What if You Tried Risking It?

Yuna Hur  &  Elaine Cheung  - Versions of a Retail Pop-Up, Spring 2018

Yuna Hur & Elaine Cheung - Versions of a Retail Pop-Up, Spring 2018

I’m honored to host a blog by one of my amazing mentees, Yuna Hur ‘18. Last year, as a senior, it was time to push academic limits 1 last time before graduating. This is her story about why it’s so important to take risk … because you never know what can happen! Thank you, Yuna!! *


Top: Elaine Cheung, Yuna Hur, students & Critiquers for ENGN 1971

Top: Elaine Cheung, Yuna Hur, students & Critiquers for ENGN 1971

May 2019: It has already been a year since I was persuaded to take a class Deb introduced to me my second semester senior spring [2018]. The class was called Iterative Design of Retail Value Propositions and Experiences - a blend of design and engineering. I never took courses related to business nor art, as I concentrated in cognitive science and education studies. My coursework had primarily focused around the topic of how people learn, both from a cognitive - neuro & psych perspectives - as well as an applied standpoint in my classes in the education department. I was in a good spot with regards to my concentration requirements. Like many other seniors, I was looking at loads of classes across departments. I asked Deb what time and how frequently the course would meet, and she said it would be once a week. If I’m honest, that was a huge selling point - again, because it was senior spring, though there was a huge part of me that was feeling incredibly insecure and unprepared for the course... no background in any of the topics that the course described. Nonetheless, because who can turn down Deb (?!!!?!!), I signed up for the course, not knowing what to expect, who’d be in the class, and how prepared I’d be for this mysterious course.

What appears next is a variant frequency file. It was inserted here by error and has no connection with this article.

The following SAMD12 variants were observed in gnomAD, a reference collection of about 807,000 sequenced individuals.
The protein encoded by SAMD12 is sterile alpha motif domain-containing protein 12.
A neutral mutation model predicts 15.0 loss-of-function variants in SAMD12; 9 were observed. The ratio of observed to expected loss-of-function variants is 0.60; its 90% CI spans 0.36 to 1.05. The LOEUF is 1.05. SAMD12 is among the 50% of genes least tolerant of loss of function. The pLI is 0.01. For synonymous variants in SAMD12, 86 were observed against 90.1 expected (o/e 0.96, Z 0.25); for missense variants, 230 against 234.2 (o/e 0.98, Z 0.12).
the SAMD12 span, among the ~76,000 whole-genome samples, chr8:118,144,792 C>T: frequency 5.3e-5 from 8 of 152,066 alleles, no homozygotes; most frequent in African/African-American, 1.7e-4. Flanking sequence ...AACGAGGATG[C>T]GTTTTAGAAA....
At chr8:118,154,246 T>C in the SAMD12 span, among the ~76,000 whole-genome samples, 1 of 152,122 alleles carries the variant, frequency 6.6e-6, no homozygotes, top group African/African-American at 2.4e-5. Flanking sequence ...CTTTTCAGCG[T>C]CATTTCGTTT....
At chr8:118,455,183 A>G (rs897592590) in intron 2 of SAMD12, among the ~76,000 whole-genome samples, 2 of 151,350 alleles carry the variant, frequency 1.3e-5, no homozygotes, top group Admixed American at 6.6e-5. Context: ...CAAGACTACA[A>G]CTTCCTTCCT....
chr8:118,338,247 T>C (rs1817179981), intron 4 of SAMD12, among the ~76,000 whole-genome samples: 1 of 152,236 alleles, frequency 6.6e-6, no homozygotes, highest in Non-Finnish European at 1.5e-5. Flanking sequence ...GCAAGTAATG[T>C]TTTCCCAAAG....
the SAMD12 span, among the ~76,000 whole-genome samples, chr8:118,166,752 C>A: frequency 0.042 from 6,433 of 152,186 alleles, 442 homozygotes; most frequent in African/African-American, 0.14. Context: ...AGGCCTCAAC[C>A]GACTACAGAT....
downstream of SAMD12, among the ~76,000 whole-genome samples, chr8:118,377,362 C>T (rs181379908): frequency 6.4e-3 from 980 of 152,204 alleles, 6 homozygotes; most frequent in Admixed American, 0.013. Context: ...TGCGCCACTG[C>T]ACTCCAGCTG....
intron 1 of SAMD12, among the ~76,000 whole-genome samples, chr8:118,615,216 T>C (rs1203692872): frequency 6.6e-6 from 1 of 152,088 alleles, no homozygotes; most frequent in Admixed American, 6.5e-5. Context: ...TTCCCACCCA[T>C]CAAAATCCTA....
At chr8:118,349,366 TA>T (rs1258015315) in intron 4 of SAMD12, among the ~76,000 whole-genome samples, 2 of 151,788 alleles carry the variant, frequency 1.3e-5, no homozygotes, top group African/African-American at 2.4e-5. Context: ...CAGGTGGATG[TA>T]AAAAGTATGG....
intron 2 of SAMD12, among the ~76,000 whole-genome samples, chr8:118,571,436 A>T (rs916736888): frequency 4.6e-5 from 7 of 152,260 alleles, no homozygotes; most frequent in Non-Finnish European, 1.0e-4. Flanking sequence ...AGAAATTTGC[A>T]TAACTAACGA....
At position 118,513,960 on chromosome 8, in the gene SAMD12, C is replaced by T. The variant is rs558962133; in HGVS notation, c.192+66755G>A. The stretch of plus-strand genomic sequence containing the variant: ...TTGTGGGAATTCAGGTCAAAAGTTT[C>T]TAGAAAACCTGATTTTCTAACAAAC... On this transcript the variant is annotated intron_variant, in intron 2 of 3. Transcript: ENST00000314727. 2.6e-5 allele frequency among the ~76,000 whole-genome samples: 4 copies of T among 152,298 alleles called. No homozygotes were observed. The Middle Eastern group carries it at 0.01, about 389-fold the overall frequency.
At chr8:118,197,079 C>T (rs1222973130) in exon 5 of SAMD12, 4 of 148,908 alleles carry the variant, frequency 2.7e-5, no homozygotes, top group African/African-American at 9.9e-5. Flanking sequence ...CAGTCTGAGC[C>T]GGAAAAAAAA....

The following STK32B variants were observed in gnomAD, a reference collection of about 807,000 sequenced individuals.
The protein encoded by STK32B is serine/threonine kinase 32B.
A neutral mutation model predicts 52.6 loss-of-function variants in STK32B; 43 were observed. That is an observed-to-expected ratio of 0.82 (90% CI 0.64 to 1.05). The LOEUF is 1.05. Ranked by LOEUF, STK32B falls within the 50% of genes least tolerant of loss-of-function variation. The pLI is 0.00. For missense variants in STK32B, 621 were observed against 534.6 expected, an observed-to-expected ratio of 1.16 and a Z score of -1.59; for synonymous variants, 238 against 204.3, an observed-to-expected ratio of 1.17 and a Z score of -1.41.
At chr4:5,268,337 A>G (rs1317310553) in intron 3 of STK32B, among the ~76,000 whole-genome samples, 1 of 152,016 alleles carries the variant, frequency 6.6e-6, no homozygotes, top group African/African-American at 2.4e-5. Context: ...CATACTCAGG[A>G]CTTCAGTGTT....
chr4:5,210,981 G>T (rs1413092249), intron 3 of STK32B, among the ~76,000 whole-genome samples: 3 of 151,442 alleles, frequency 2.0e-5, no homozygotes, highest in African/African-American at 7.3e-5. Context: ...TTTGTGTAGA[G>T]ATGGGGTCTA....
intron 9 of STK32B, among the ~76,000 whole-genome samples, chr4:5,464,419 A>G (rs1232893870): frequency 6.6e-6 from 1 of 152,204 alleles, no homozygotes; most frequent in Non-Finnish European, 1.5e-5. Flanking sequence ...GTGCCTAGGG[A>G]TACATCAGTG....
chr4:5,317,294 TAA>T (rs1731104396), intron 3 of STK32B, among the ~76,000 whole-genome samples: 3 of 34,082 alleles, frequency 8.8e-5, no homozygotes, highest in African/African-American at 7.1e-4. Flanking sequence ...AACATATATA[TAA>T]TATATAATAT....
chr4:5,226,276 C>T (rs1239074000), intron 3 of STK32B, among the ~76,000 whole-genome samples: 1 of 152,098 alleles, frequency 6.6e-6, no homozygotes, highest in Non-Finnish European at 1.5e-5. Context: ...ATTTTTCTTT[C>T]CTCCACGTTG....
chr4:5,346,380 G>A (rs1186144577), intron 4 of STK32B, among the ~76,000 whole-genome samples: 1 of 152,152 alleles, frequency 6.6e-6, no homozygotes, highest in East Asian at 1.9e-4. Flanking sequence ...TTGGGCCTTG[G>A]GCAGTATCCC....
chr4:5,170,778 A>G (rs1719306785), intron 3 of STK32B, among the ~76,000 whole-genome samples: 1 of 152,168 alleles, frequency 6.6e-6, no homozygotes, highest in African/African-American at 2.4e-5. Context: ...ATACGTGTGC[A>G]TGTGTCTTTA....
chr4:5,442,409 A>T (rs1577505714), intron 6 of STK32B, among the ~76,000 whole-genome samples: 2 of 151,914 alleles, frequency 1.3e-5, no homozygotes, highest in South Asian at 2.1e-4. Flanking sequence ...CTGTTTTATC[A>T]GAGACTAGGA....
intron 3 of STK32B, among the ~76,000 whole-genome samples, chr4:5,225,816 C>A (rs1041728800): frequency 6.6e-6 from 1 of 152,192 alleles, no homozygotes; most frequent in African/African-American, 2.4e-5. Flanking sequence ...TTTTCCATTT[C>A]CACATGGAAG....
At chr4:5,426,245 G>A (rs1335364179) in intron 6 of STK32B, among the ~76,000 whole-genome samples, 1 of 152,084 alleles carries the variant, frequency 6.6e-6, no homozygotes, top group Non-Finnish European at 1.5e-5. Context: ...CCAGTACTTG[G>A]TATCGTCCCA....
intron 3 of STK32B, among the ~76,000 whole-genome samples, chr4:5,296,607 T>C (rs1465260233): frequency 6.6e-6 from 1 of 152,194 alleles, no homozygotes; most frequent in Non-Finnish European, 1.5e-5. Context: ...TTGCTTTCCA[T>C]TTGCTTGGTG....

Here are 5 (of many) takeaways from taking this class (in no particular order) which are important for life beyond college:

yuna iteration timeline DISP.png
  1. Have a plan and be flexible - I started out the course thinking in my perfectionist mindset -- craving to find and work towards THE ideal solution. In this way, I have found myself digging deeper into details that were all uncertain because there was no singular “final answer”. I experienced a shortcoming from the expense of losing sight of what I initially set to work towards. Quickly, Deb convinced my perfectionist-self to take this class pass/fail -- and NOT just because it was my senior spring. This has been one of the best decisions throughout my time at Brown because it gave me permission and room to be okay with uncertainty, be okay with taking risks, and be okay with using my imagination.